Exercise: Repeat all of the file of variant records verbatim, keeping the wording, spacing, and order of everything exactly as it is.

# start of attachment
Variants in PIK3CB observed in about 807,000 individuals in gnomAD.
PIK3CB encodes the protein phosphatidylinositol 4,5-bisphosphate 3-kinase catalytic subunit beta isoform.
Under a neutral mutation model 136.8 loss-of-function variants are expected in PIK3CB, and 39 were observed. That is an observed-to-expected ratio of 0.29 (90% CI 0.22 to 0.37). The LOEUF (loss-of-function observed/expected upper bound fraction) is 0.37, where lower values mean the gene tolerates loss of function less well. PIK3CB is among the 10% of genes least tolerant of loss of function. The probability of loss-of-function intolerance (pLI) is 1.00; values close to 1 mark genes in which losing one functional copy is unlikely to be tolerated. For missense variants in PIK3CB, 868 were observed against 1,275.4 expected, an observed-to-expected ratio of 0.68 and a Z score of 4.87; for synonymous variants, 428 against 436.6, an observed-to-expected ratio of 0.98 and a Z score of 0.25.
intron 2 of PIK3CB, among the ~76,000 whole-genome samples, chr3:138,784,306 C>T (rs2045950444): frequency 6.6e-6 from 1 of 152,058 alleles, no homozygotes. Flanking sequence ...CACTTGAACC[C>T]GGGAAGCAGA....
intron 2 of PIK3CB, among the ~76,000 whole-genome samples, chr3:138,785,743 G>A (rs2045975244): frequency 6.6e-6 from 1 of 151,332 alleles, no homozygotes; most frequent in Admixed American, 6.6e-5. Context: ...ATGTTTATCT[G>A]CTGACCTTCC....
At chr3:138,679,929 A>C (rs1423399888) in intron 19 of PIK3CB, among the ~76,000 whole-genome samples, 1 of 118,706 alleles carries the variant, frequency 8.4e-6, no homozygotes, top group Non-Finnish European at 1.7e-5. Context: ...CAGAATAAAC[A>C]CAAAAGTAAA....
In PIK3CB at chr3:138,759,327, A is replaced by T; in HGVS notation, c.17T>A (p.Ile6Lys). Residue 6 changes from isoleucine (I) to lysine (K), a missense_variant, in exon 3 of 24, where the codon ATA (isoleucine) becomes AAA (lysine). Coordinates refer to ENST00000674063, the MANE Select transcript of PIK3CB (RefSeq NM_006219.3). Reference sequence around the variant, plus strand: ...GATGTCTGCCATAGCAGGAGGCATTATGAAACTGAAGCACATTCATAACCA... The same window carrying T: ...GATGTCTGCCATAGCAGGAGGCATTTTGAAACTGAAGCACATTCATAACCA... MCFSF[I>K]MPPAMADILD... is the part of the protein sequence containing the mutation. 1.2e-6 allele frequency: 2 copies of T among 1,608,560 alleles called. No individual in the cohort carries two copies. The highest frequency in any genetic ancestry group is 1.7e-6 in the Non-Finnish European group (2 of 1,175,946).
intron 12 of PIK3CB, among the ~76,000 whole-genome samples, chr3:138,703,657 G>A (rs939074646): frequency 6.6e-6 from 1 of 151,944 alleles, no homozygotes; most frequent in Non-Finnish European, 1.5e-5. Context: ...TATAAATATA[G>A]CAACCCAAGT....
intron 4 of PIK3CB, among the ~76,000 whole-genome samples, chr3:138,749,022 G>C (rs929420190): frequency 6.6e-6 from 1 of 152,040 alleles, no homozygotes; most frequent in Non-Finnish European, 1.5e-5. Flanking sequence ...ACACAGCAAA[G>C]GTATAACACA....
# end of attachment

Variants in PIK3CB observed in about 807,000 individuals in gnomAD.
PIK3CB encodes the protein phosphatidylinositol 4,5-bisphosphate 3-kinase catalytic subunit beta isoform.
Under a neutral mutation model 136.8 loss-of-function variants are expected in PIK3CB, and 39 were observed. That is an observed-to-expected ratio of 0.29 (90% CI 0.22 to 0.37). The LOEUF (loss-of-function observed/expected upper bound fraction) is 0.37, where lower values mean the gene tolerates loss of function less well. PIK3CB is among the 10% of genes least tolerant of loss of function. The probability of loss-of-function intolerance (pLI) is 1.00; values close to 1 mark genes in which losing one functional copy is unlikely to be tolerated. For missense variants in PIK3CB, 868 were observed against 1,275.4 expected, an observed-to-expected ratio of 0.68 and a Z score of 4.87; for synonymous variants, 428 against 436.6, an observed-to-expected ratio of 0.98 and a Z score of 0.25.
intron 2 of PIK3CB, among the ~76,000 whole-genome samples, chr3:138,784,306 C>T (rs2045950444): frequency 6.6e-6 from 1 of 152,058 alleles, no homozygotes. Flanking sequence ...CACTTGAACC[C>T]GGGAAGCAGA....
intron 2 of PIK3CB, among the ~76,000 whole-genome samples, chr3:138,785,743 G>A (rs2045975244): frequency 6.6e-6 from 1 of 151,332 alleles, no homozygotes; most frequent in Admixed American, 6.6e-5. Context: ...ATGTTTATCT[G>A]CTGACCTTCC....
At chr3:138,679,929 A>C (rs1423399888) in intron 19 of PIK3CB, among the ~76,000 whole-genome samples, 1 of 118,706 alleles carries the variant, frequency 8.4e-6, no homozygotes, top group Non-Finnish European at 1.7e-5. Context: ...CAGAATAAAC[A>C]CAAAAGTAAA....
In PIK3CB at chr3:138,759,327, A is replaced by T; in HGVS notation, c.17T>A (p.Ile6Lys). Residue 6 changes from isoleucine (I) to lysine (K), a missense_variant, in exon 3 of 24, where the codon ATA (isoleucine) becomes AAA (lysine). Coordinates refer to ENST00000674063, the MANE Select transcript of PIK3CB (RefSeq NM_006219.3). Reference sequence around the variant, plus strand: ...GATGTCTGCCATAGCAGGAGGCATTATGAAACTGAAGCACATTCATAACCA... The same window carrying T: ...GATGTCTGCCATAGCAGGAGGCATTTTGAAACTGAAGCACATTCATAACCA... MCFSF[I>K]MPPAMADILD... is the part of the protein sequence containing the mutation. 1.2e-6 allele frequency: 2 copies of T among 1,608,560 alleles called. No individual in the cohort carries two copies. The highest frequency in any genetic ancestry group is 1.7e-6 in the Non-Finnish European group (2 of 1,175,946).
intron 12 of PIK3CB, among the ~76,000 whole-genome samples, chr3:138,703,657 G>A (rs939074646): frequency 6.6e-6 from 1 of 151,944 alleles, no homozygotes; most frequent in Non-Finnish European, 1.5e-5. Context: ...TATAAATATA[G>A]CAACCCAAGT....
intron 4 of PIK3CB, among the ~76,000 whole-genome samples, chr3:138,749,022 G>C (rs929420190): frequency 6.6e-6 from 1 of 152,040 alleles, no homozygotes; most frequent in Non-Finnish European, 1.5e-5. Flanking sequence ...ACACAGCAAA[G>C]GTATAACACA....